A need for speed: Tom Lehmann explains why you should not let your pizza dough rest after mixing

Don’t dilly-dally, says the Dough Doctor, when it’s time to cut and ball dough.



 

Q Why do you recommend always taking the dough from the mixer directly to the bench for immediate cutting and balling? Why not let the dough rest for an hour before cutting?

 

A Keep in mind that, while your dough is resting after being mixed, it’s also fermenting, which causes it to change in density—that is, it gets lighter in volume just sitting there. Also, as I mentioned in last month’s column, the yeast in your dough will typically exhibit a lag time of about 20 minutes before it begins actively feeding and producing the by-products of fermentation. By taking the dough directly to the bench for scaling and balling, we can get most or all of the dough balled before the yeast starts doing its thing. There is little change in dough density during this lag time, and the dough will be at its most dense right after the mixing process. Dense dough is easier to cool down than less dense dough. That’s because the improved insulating properties of less dense dough will impede the extraction of heat from the dough balls once they’re placed in the cooler.

This brings us back to a point raised in last month’s column, but it’s worth repeating: If the dough balls can’t be efficiently cooled, the fermentation process will continue in the cooler for a longer period of time and at a faster rate than would be considered optimal for your dough quality and refrigerated shelf life. In fact, under certain conditions, you will very likely end up with blown dough by the next day because the cooler was unable to sufficiently retard the fermentation rate.

 

Q What’s the difference between enriched flour and high-gluten flour?

 

A When we say a flour is high-gluten or high-protein, we’re really referring to the total protein content of the flour. Much of that protein forms gluten, so the higher the protein content, the stronger and more elastic your dough becomes. When we talk about enriched flour, we mean that a vitamin and mineral supplement has been added to the flour to restore it to the nutritional value it would have if it were a whole-wheat flour (minus the fiber content of the wheat bran). Aside from changing the nutritional value, enrichment has no other effect on the flour. 

 

Edit Module

Tell us what you think at or email.

Edit Module
Edit ModuleShow Tags
Edit ModuleShow Tags

Related Articles

Recipe of the Month: Roasted Cauliflower and Prosciutto Pizza

Polly-O crafts a flavorful treat with this pie featuring roasted cauliflower, prosciutto, garlic and Parmesan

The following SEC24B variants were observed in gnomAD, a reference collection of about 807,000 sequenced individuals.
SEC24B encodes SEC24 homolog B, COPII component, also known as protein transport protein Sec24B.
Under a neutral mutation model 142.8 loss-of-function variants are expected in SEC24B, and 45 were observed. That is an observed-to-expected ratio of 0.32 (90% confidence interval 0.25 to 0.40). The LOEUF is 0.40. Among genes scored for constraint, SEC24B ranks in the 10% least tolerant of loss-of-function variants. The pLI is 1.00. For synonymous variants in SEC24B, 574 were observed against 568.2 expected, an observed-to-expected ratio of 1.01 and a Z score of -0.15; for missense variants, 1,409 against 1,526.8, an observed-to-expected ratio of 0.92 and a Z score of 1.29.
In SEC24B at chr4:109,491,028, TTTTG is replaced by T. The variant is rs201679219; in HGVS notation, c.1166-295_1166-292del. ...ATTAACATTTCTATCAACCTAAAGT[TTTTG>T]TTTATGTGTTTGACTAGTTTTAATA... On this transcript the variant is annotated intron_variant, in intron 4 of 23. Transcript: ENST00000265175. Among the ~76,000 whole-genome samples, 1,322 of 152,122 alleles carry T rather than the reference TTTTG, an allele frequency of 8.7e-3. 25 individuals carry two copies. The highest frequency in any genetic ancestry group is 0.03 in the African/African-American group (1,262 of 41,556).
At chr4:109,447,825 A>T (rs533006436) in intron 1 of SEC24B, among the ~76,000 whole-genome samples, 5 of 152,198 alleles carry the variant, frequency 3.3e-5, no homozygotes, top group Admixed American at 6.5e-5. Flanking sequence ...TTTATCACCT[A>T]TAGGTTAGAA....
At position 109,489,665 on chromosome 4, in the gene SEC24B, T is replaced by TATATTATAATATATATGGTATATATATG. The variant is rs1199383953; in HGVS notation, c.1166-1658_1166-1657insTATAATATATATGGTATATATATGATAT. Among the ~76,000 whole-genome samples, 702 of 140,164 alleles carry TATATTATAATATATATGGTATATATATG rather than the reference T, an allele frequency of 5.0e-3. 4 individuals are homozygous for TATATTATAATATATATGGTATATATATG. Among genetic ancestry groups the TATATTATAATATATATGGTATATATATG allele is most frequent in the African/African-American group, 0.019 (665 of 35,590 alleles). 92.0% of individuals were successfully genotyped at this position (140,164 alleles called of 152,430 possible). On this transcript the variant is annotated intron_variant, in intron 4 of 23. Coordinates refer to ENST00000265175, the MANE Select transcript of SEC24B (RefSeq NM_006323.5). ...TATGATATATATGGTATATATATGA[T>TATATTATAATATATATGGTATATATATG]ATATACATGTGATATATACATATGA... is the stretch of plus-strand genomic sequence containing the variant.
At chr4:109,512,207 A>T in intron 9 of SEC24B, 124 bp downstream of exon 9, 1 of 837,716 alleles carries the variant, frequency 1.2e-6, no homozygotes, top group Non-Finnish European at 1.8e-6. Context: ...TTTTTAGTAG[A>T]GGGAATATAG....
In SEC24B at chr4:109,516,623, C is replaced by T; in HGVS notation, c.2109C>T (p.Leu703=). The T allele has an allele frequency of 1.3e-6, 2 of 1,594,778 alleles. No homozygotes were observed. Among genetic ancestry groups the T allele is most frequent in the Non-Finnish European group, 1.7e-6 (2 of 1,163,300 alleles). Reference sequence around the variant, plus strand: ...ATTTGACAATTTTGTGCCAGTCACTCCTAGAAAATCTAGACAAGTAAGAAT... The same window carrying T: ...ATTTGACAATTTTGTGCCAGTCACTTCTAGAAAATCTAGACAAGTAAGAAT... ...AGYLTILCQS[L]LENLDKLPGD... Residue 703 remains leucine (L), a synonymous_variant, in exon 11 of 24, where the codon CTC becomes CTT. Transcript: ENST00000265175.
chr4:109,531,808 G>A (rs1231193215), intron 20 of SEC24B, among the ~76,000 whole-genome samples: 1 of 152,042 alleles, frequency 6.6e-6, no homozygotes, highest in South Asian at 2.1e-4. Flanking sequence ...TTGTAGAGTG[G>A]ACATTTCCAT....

Pizza Without Borders - Competition Heats Up in the Eastern Bloc

As more pizza competitions and associations pop up in Russia, Bulgaria and Poland, the quality of pizza and prestige of the pizzaiolo continues to rise.

The Chef's Corner: Scott Wiener Q&A

PMQ test chef Brian Hernandez discusses the ins and outs of Scott Wiener's pizza tours, his experience with the pizza industry, and what's next for the pizza-crazed entrepreneur.

From the Editor - A New Year and a New Look For PMQ

This month we focus on the explosive growth of Artichoke Basille and roll out a new look for the magazine!

Product Spotlight: January-February 2018

Dough trays, tomato strips, yeast, menus, ovens and more.

Extra! Extra! Read all about the Pizza Press, a unique fast-casual chain in Southern California

At the Pizza Press, pizza makers are the “editors” and customers get to “publish” the pie of their choice.

Take a hike: How to cope with a higher minimum wage

A pizzeria owner in Washington state offers a four-pronged strategy for staying profitable in an era of rising labor costs.

10 tips for adding a take-and-bake option

Tom “The Dough Doctor” Lehmann walks you through the steps for modifying your dough formula and procedure.

All ‘Choked Up: How a couple of East Village pizza guys became Food Network stars

Artichoke Basille’s has boomed from a shoebox-size Manhattan underdog to a 12-store media magnet—and now sets its sights on franchising.

Get off to a successful start in 2018 with a social media calendar

Social media success hinges on knowing what you’re going to post and studying the data to improve your content every day
Edit ModuleShow Tags
Edit ModuleShow Tags
Edit Module
Edit Module
Edit ModuleShow Tags
Edit ModuleShow Tags
Edit Module
Edit ModuleShow Tags
Edit ModuleShow Tags